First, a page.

Mark 15 nuclear bomb
The Mark 15 nuclear bomb, or Mk-15, was a 1950s American thermonuclear bomb, the first relatively lightweight (7,600 lb / 3450 kg) thermonuclear bomb created by the United States.
The Mark 15 was first produced in 1955, in a production run which ended in 1957. The Mark 15 design was in service from 1955 to 1965. A total of 1,200 units were produced in three models.
There were three production variants of the Mark 15 bomb, the Mod 1, Mod 2, and Mod 3.
Transitional designThe Mark 15 is widely described as a transitional design between fission and thermonuclear weapons. The Mark 15 was a staged weapon (see Teller-Ulam design
The Teller–Ulam design is the nuclear weapon design concept used in most of the world's nuclear weapons. It is colloquially referred to as "the secret of the hydrogen bomb" because it employs hydrogen fusion, though in most applications the bulk of its destructive energy comes from uranium fission,...
), using radiation implosion from a fission nuclear primary (Cobra) to implode a secondary stage. Unlike most modern thermonuclear bombs, the Mark 15 used a secondary which was primarily HEU (highly enriched uranium
Enriched uranium is a kind of uranium in which the percent composition of uranium-235 has been increased through the process of isotope separation. Natural uranium is 99.284% 238U isotope, with 235U only constituting about 0.711% of its weight...
), which generated most of its energy from nuclear fission reactions once the primary imploded it. There was a thermonuclear core which underwent fusion reactions, but most of the energy came from the HEU fissioning. The HEU fission was enhanced by fusion stage neutrons, but would have generated a very significant fission yield by itself.
Some later bombs used depleted uranium fusion stage tampers, and neutrons from the fusion would fission some of the tamper, but the primary energy release (50% or more) was from the fusion reaction.
The HEU secondary tamper concept may have been used in the most modern nuclear weapons, where compact size and weight were highly valued, including the W88
The W88 is a United States thermonuclear warhead, with an estimated yield of 475 kiloton , and is small enough to fit on MIRVed missiles. The W88 was designed at the Los Alamos National Laboratory in the 1970s. In 1999 the director of Los Alamos who had presided over its design described it as...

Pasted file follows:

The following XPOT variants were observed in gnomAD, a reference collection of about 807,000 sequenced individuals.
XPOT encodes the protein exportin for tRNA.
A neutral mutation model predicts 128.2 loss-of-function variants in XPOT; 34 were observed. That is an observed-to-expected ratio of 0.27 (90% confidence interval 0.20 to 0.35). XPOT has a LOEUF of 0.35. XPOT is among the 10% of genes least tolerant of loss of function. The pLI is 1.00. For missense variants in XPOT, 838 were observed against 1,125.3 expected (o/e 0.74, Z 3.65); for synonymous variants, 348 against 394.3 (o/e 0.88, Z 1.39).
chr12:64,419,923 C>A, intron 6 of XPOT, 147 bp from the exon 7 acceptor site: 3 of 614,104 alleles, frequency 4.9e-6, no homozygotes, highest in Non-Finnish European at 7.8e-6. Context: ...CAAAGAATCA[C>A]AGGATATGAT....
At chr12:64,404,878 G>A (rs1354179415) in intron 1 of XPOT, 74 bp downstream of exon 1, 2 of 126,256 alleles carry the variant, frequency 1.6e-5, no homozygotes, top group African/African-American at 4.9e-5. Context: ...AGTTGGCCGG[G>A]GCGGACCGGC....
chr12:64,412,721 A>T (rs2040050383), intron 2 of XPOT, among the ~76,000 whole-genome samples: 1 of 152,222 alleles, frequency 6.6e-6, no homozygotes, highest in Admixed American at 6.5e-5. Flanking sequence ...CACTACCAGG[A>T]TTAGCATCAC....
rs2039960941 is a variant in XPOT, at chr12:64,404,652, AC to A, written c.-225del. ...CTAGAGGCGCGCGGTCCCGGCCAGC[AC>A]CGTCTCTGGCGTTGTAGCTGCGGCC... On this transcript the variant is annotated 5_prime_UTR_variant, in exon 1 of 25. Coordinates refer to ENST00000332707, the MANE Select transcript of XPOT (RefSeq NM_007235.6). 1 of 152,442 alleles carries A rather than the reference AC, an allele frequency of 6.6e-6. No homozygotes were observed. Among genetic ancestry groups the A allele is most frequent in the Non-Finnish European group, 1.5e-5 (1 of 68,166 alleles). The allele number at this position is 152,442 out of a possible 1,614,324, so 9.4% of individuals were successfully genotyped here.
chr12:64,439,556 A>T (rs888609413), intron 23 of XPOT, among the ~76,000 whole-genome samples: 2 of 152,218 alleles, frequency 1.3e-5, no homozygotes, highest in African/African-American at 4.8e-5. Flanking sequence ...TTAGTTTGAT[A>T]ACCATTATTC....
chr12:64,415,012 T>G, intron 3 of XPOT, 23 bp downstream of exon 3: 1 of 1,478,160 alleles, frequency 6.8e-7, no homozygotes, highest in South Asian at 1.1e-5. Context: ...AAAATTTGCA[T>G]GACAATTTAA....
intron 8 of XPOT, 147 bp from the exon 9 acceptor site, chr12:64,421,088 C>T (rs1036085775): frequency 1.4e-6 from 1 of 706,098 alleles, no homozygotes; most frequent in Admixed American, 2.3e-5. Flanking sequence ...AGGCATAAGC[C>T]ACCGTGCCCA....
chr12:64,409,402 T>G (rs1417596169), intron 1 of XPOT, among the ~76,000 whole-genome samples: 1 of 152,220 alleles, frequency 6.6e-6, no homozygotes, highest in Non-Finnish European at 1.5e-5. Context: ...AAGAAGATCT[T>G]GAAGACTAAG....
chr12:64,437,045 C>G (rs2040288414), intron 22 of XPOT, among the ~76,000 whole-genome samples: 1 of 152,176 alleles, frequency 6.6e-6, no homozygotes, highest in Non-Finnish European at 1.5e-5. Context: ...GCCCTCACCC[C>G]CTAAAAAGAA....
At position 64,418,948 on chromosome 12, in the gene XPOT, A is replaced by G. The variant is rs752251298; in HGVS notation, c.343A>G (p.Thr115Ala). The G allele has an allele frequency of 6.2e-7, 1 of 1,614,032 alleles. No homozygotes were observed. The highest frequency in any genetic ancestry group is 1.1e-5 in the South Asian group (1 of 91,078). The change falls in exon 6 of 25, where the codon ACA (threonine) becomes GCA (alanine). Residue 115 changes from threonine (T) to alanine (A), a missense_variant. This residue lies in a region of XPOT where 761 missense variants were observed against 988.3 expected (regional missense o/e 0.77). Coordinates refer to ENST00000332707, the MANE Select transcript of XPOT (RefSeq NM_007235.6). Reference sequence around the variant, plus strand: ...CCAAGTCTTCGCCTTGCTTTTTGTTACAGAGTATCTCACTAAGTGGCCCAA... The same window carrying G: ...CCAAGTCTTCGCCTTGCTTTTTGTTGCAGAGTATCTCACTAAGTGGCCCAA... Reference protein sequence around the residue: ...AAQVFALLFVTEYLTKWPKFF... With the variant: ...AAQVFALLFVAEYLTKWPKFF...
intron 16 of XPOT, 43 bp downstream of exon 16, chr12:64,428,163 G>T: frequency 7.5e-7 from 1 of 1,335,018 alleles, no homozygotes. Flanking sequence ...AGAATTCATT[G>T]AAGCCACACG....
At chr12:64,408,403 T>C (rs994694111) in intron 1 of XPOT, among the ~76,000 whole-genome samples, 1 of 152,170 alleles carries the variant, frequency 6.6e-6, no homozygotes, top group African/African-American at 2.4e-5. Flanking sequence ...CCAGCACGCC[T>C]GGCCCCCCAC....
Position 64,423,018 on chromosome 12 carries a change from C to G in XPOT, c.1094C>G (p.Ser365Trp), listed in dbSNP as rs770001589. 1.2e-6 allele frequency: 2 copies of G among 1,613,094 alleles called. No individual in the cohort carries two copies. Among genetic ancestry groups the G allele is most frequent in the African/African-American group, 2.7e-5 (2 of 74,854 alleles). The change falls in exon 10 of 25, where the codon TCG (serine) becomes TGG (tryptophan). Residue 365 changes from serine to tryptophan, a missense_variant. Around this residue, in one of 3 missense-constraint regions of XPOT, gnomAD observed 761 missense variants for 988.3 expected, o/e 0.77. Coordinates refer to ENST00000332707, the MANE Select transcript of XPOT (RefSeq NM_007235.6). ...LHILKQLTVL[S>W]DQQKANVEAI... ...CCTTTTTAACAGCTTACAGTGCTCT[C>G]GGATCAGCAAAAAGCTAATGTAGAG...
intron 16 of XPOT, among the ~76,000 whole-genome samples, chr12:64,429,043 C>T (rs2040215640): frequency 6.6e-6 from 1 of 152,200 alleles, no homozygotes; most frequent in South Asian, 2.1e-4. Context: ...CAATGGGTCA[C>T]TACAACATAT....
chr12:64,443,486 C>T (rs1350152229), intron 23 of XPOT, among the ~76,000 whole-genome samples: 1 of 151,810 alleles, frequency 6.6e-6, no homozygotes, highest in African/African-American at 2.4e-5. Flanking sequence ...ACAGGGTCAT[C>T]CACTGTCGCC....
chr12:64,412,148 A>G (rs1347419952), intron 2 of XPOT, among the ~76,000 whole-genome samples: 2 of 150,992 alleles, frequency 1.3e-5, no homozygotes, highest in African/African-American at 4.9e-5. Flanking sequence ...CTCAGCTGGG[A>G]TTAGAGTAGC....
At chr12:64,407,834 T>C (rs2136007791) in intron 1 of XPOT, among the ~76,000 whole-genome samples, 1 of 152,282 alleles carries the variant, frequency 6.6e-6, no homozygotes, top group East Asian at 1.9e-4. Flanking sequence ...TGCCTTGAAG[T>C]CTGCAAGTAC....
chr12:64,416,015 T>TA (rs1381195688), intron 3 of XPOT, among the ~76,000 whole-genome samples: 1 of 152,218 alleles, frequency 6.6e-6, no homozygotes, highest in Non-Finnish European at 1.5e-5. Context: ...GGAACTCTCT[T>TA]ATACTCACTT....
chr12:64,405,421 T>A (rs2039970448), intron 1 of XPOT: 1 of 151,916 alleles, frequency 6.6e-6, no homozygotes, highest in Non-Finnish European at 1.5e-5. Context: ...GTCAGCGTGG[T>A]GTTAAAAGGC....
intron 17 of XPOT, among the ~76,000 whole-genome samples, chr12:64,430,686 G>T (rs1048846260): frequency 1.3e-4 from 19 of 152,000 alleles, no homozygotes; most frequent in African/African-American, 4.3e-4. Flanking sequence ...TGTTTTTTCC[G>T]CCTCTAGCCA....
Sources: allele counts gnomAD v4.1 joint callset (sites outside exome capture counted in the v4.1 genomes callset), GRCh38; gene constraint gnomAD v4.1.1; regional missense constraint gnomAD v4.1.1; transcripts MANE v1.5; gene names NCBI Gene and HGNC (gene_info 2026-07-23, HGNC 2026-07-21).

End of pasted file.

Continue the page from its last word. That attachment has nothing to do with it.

and W87 Mod 1 weapons.
SpecificationsAll three models were generally physically similar; weight of around 7,600 lb / 3,450 kg, diameter of 34.4 to 35 inches, length of 136 to 140 inches.
ModelsThe Mod 1 corresponds to the Castle Nectar
Operation Castle was a United States series of high-energy nuclear tests by Joint Task Force SEVEN at Bikini Atoll beginning in March 1954...
test of the Zombie weapon prototype. This test had a yield of 1.69 megatons
TNT equivalent is a method of quantifying the energy released in explosions. The ton of TNT is a unit of energy equal to 4.184 gigajoules, which is approximately the amount of energy released in the detonation of one ton of TNT...
The Mod 2 corresponds to the Redwing Cherokee
Operation Redwing was a United States series of 17 nuclear test detonations from May to July 1956. They were conducted at Bikini and Enewetak atolls. The entire operation followed Operation Wigwam and preceded Operation Plumbbob. The primary intention was to test new, second-generation...
nuclear test of the TX-15-X1 test model, and had a yield of 3.8 megatons. Redwing Cherokee was the first US thermonuclear bomb airdrop test.
The Mod 3 also appears to have had a 3.8 megaton yield.
W15A missile warhead variant of the Mark 15, the W15 Warhead, was an ongoing project in the mid 1950s. It was canceled in early 1957. Before cancellation, it had been intended for use on the SM-62 Snark missile. Instead, the Snark ended up using the W39 (see below).
The Mark 39 nuclear bomb and W39 nuclear warhead were versions of an American thermonuclear weapon, which were in service from 1957 to 1966....
nuclear warhead and B39 nuclear bomb used a common nuclear physics package which was derived from the Mark 15. The experimental W39 devices were initially tested as the TX-15-X3 (which is identical to the W39 Mod 0 design).
Dropped and LostOn 5 February 1958, during a training mission flown by a B-47, a Mk 15 nuclear bomb minus nuclear capsule was lost off the coast of Georgia
Georgia (U.S. state)
Georgia is a state located in the southeastern United States. It was established in 1732, the last of the original Thirteen Colonies. The state is named after King George II of Great Britain. Georgia was the fourth state to ratify the United States Constitution, on January 2, 1788...
Savannah is the largest city and the county seat of Chatham County, in the U.S. state of Georgia. Established in 1733, the city of Savannah was the colonial capital of the Province of Georgia and later the first state capital of Georgia. Today Savannah is an industrial center and an important...
. It remains missing despite an intensive search.
- List of nuclear weapons
- Operation CastleOperation CastleOperation Castle was a United States series of high-energy nuclear tests by Joint Task Force SEVEN at Bikini Atoll beginning in March 1954...
- Operation RedwingOperation RedwingOperation Redwing was a United States series of 17 nuclear test detonations from May to July 1956. They were conducted at Bikini and Enewetak atolls. The entire operation followed Operation Wigwam and preceded Operation Plumbbob. The primary intention was to test new, second-generation...
- Tybee BombTybee BombThe Tybee Island B-47 crash was an incident on February 5, 1958, in which the United States Air Force lost a Mark 15 hydrogen bomb in the waters off Tybee Island near Savannah, Georgia, USA. During a practice exercise the B-47 bomber carrying it collided in midair with an F-86 fighter plane. To...